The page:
The afferent sensory axons enter the spinal cord via dorsal roots while efferent motor axons exit the cord via ventral roots. Sensory and motor roots unite to form spinal nerves, which exit from spinal column through intervertebral foramen, and then divide into dorsal and ventral rami. The site of action of local anaesthetic in central neuraxial block is the spinal nerve roots and the dorsal root ganglion. The anterior motor and posterior sensory roots are separated by a distance of 10 -15 mm [2].
Since the intrathecal spread of the injectate is mainly affected by its baricity and position of the patient, when a hypobaric local anaesthetic drug is allowed to fix in prone position (jack knife), only the posteriorly located sensory nerve roots are blocked and anterior motor roots are spared giving a selective sensory block [6, 9, 10]. This technique demonstrates that with optimal use of drugs, understanding the baricity with reference to CSF, using optimal volume, knowing the dermatomes involved and relating them to position, routine spinal can be used appropriately as targeted spinal anaesthesia for a specific surgery.
Injecting non-isobaric local anaesthetic, either hyperbaric or hypobaric, can produce unilateral spinal anaesthesia if patient is positioned in lateral decubitus position after administering the drug intrathecally. With hypobaric drug, the operative side is kept above while with hyperbaric drug operative side is kept dependent.
Posterior spinal hemi-anaesthesia can be obtained with hypobaric solution injected intrathecally at lumbar region and patient positioned in jack-knife position for approximately 15 minutes.
Dural puncture can be performed in prone or lateral position. With lateral position, patient is subsequently made prone in jack-knife position. To facilitate lumbar puncture in prone position, a pillow may be placed under the abdomen to obliterate the lumbar lordosis and widen the spinal interspace.
Important considerations for spinal hemianaesthesia are baricity of the LA drug, position of the patient, speed of drug administration, duration of stay in that position and dose, concentration, volume of LA mixture [2, 10].
The specific gravity of normal human CSF at 37ºC ranges from 1.0063 to 1.0075 depending upon age, sex, pregnancy etc [11]. A hypobaric local anaesthetic is therefore defined as a solution with a density more than 3 standard deviations (SD) below mean human CSF density [12, 13]. According to this definition, the upper limit of hypobaricity as per two oscillometry studies ranges from 1.00016 to 1.00037 mg/ml [14] or 1.00003 to 1.00023 mg/ml [15] at 37ºC. According to the results of laboratory study conducted by McLeod GA (2004) using oscillometric technology accurate to five decimal places, at 37ºC, the density of plain solutions of bupivacaine 0.5% was 0.99944 mg/ml, levobupivacaine 0.5% was 1.00024 mg/ml and ropivacaine 0.75% was 0.99953 mg/ml. As per the results of this study, all the tested concentrations of plain ropivacaine and bupivacaine were hypobaric at 37ºC [16]. Levobupivacaine 0.5% (1.00024 mg/ml) is slightly hypobaric at 37ºC according to the definition of Richardson and Wissler but may be regarded as isobaric with males and postmenopausal women according to the results of Lui and colleagues [14, 15]. However, addition of distilled water reduces the density further making isobaric solutions hypobaric [2]. Furthermore addition of opioids as adjuvants to local anaesthetics affects the baricity of the injectate. Opioid such as fentanyl are hypobaric (0.9933 mg/ml) and when mixed with LA will render the subsequent mixture even more hypobaric [17]. Although, changes in density may seem minimal but it has been found that even a change as low as 0.0006 mg/ml may affect the spread of LA drug [18].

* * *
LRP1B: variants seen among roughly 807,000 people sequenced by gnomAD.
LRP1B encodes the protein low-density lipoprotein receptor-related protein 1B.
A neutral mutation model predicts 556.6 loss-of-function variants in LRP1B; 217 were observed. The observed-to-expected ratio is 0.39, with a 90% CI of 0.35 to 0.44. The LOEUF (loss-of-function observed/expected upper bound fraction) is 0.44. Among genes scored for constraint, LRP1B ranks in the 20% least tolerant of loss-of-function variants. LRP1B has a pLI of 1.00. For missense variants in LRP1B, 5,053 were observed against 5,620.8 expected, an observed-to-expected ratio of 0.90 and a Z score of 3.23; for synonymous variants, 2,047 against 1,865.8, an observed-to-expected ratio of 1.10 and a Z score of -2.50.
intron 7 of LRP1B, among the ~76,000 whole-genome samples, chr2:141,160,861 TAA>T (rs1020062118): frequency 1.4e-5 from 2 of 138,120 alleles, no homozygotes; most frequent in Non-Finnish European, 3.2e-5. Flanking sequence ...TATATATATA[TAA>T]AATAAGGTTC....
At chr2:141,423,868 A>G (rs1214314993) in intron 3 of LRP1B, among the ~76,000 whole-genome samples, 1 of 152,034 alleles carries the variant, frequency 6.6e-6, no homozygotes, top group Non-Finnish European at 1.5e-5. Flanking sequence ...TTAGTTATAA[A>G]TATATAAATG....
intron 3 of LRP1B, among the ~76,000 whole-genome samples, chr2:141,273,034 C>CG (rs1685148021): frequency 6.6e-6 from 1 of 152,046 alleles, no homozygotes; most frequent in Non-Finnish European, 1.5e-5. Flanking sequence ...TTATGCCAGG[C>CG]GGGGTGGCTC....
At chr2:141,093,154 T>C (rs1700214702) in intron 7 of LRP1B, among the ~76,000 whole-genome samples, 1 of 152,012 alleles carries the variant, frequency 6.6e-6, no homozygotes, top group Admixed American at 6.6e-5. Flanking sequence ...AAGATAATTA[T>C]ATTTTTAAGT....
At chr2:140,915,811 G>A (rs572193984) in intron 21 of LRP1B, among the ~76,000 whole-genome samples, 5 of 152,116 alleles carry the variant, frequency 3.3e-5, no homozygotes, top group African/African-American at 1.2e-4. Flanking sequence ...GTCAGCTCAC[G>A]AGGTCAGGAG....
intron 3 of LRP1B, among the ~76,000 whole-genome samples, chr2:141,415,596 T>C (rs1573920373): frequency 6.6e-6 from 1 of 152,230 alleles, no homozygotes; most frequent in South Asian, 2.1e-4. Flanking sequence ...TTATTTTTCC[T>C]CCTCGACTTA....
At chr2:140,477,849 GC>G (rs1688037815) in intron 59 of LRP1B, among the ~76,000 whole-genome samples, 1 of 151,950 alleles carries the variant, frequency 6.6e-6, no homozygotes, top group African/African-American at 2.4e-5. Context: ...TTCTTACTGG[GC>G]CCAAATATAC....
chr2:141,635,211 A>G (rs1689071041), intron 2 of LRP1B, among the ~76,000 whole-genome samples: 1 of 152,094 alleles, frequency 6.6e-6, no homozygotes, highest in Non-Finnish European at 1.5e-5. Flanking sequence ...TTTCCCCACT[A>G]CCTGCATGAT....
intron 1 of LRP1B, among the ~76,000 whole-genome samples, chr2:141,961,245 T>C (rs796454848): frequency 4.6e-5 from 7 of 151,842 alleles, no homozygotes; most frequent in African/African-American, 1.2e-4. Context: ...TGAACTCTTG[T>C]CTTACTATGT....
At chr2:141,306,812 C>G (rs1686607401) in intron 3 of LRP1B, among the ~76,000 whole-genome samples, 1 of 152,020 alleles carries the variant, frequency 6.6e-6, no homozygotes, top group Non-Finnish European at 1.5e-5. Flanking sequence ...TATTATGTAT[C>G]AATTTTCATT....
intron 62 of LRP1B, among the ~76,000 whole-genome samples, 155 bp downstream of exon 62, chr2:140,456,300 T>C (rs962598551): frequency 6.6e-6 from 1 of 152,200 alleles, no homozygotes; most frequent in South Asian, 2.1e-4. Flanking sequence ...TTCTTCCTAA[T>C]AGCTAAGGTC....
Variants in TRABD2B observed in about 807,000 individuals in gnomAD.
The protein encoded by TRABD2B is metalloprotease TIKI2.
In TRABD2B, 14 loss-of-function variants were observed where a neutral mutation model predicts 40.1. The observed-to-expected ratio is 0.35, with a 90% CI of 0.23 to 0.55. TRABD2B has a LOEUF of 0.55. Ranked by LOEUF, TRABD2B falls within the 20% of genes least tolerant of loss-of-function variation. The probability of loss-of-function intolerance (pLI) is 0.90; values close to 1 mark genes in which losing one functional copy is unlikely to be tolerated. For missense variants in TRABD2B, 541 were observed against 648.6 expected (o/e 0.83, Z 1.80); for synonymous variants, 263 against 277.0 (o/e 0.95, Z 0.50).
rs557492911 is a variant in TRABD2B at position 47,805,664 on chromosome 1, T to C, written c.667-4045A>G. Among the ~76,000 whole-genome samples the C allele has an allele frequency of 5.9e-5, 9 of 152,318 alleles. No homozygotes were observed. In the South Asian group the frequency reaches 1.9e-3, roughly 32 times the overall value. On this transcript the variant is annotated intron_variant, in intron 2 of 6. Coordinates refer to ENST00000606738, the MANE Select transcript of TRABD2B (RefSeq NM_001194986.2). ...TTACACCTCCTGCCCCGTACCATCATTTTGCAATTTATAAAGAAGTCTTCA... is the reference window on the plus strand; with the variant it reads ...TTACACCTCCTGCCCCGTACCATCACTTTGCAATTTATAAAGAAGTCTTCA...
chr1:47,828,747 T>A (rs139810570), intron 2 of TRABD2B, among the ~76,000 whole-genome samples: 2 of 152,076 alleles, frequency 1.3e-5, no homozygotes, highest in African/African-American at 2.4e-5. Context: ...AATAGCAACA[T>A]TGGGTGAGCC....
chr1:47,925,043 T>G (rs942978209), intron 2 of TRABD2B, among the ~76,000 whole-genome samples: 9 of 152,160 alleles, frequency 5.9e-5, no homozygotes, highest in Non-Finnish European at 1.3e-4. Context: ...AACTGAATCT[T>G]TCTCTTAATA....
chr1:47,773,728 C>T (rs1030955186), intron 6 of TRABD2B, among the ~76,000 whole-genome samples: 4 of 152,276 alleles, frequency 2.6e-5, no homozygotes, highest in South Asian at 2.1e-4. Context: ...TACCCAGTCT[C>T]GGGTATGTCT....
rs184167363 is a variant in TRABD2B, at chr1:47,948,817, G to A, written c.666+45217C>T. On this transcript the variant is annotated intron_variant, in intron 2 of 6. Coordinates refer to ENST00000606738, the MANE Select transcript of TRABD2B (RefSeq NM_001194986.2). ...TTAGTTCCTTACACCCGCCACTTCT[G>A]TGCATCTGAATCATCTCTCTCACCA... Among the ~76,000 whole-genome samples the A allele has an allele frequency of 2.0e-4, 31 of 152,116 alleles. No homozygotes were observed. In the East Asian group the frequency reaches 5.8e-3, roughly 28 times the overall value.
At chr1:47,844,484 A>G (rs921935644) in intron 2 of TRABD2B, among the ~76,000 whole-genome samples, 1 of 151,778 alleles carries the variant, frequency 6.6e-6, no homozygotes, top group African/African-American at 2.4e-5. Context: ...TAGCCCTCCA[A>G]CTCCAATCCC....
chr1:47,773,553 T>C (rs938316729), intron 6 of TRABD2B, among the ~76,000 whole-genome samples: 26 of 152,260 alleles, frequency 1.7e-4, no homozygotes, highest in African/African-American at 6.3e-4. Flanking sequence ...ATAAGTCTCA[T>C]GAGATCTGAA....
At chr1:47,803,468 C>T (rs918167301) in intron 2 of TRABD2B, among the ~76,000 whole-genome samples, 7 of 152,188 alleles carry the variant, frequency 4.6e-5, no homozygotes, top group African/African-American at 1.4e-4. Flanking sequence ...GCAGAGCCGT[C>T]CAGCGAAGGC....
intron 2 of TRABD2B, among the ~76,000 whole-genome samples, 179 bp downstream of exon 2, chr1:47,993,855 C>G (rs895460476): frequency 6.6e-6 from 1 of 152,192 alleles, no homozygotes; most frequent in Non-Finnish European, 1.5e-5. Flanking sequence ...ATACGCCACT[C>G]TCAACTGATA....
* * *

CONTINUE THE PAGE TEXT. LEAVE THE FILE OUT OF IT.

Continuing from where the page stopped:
Among the other factors influencing the spread of LA, speed of injection also holds relevance. Turbulent flow causes fast mixing of CSF and LA, producing a homogenous mixture that reduces the basic gradient between them, avoiding the migration of LA. Slow speed of injection leads to a better unilateral or posterior hemi-anaesthesia [18]. Dose and concentration also favour a preferential distribution [11, 12].

With optimal use of local anaesthetic drugs, understanding their baricity with respect to CSF, using optimal volume, knowing the dermatomes involved and relating them to position, routine spinal anaesthesia can be appropriately customised according to surgery.


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How to Cite this Article: Singhal G, Sharma SP, Mohanty S. Posterior Spinal Hemi-Anaesthesia for Tendon Transfer in Patient with Foot Drop- Case Report. Journal of Anaesthesia and Critical Care Case Reports. September-December 2023; 9(3): 06-08.